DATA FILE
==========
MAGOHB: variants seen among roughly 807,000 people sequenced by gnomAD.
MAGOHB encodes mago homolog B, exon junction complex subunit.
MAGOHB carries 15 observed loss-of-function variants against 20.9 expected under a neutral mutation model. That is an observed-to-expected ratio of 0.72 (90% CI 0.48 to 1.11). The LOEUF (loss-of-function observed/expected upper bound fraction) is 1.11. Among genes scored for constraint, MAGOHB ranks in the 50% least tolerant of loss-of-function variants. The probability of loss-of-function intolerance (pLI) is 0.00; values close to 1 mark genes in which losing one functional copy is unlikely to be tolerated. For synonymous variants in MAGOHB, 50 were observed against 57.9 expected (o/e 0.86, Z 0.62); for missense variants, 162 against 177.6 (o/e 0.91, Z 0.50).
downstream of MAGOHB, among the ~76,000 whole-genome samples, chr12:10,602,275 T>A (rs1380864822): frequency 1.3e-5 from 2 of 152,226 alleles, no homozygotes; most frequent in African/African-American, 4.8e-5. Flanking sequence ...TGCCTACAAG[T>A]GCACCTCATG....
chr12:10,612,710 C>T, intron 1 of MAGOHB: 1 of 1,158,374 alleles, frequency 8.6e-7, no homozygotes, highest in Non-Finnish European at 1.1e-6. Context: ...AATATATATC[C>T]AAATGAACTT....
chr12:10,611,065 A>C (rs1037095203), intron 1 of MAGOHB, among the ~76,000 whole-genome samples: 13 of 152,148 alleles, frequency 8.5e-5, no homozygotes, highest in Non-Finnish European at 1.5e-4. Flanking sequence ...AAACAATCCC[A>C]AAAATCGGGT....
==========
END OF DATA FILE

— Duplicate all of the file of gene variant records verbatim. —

MAGOHB: variants seen among roughly 807,000 people sequenced by gnomAD.
MAGOHB encodes mago homolog B, exon junction complex subunit.
MAGOHB carries 15 observed loss-of-function variants against 20.9 expected under a neutral mutation model. That is an observed-to-expected ratio of 0.72 (90% CI 0.48 to 1.11). The LOEUF (loss-of-function observed/expected upper bound fraction) is 1.11. Among genes scored for constraint, MAGOHB ranks in the 50% least tolerant of loss-of-function variants. The probability of loss-of-function intolerance (pLI) is 0.00; values close to 1 mark genes in which losing one functional copy is unlikely to be tolerated. For synonymous variants in MAGOHB, 50 were observed against 57.9 expected (o/e 0.86, Z 0.62); for missense variants, 162 against 177.6 (o/e 0.91, Z 0.50).
downstream of MAGOHB, among the ~76,000 whole-genome samples, chr12:10,602,275 T>A (rs1380864822): frequency 1.3e-5 from 2 of 152,226 alleles, no homozygotes; most frequent in African/African-American, 4.8e-5. Flanking sequence ...TGCCTACAAG[T>A]GCACCTCATG....
chr12:10,612,710 C>T, intron 1 of MAGOHB: 1 of 1,158,374 alleles, frequency 8.6e-7, no homozygotes, highest in Non-Finnish European at 1.1e-6. Context: ...AATATATATC[C>T]AAATGAACTT....
chr12:10,611,065 A>C (rs1037095203), intron 1 of MAGOHB, among the ~76,000 whole-genome samples: 13 of 152,148 alleles, frequency 8.5e-5, no homozygotes, highest in Non-Finnish European at 1.5e-4. Flanking sequence ...AAACAATCCC[A>C]AAAATCGGGT....